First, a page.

|A woman injured in the Nandigram firing at the Tamluk subdivisional hospital and (above) a woman and child evicted from Nandigram at a dharna by CPM supporters in Calcutta. Pictures by Bishwarup Dutta and Amit Datta
Calcutta, March 21: The CBI today said the police contingent sent to reclaim Nandigram last week had not fired just 37 rounds, as two FIRs seemed to suggest, but many more.
The agency, asked by the high court to probe the March 14 firing that claimed over a dozen lives, submitted its preliminary report to the court’s registrar-general late this afternoon.
The hearing is scheduled tomorrow.
CBI officials said the bureau would seek more time from the court before it comes up with a detailed report on the police action.
The officials said the agency in its preliminary report has said not all the bullets fired on that day were from police weapons and the firing could have been averted if there was “more coordination” between the senior officials and the forces.
Questions have also been raised on what exactly provoked the police to “open fire”. Many CBI officers are wondering if heavy brick-batting from the villagers — soon after the first tear gas shells were lobbed — triggered the firing.
“As many as 30 officers from different ranks were pressed into service for preparing the preliminary report, other than several sources that we had to tap to get the information,” said an officer handling the case.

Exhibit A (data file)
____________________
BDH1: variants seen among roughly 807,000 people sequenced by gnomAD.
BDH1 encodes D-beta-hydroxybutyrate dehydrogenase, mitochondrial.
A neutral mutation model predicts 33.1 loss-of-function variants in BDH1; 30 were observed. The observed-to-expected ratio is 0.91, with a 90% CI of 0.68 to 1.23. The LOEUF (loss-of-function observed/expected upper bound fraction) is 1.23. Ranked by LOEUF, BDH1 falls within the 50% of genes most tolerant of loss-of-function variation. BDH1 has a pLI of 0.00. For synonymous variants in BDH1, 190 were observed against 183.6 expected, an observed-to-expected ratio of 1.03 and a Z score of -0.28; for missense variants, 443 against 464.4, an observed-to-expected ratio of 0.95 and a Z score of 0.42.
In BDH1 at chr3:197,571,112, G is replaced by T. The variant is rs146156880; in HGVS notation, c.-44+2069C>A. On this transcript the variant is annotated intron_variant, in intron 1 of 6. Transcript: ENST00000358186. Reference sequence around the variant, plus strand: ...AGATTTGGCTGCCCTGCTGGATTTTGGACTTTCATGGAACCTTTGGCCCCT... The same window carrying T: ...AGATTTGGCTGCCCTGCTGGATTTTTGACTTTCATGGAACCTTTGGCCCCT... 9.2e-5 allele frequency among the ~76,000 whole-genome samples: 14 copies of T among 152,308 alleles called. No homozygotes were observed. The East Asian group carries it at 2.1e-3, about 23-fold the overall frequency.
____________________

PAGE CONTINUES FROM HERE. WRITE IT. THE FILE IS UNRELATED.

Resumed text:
“We have tried our best to put together all the information but the post-mortem reports on all the deceased have not been made available to us.”
CBI officials, who spoke to some of the injured villagers and several eyewitnesses, are also asking whether all the injuries were caused by bullets and why, if there was heavy retaliation from the villagers, only a couple of police officers were injured. The agency has also questioned why some villagers received chopper injuries when the police weren’t carrying such weapons, which suggests the presence of “outsiders”.
A division bench headed by Chief Justice S.S. Nijjar had on March 15 ordered the CBI to probe the incident. Court insiders said the central agency would present the case before the chief justice, who had been away for the last three days and is likely to join tomorrow.
Asked whether the government would submit its affidavit tomorrow, advocate general Balai Ray said: “The court had not fixed any deadline for us and so it is not imperative for us to submit the affidavit by Thursday.”
The court had asked the government to state in its affidavit the name of the officer who ordered the firing. It also wanted to know what penal action would be taken if it was established that there was not enough justification to open fire.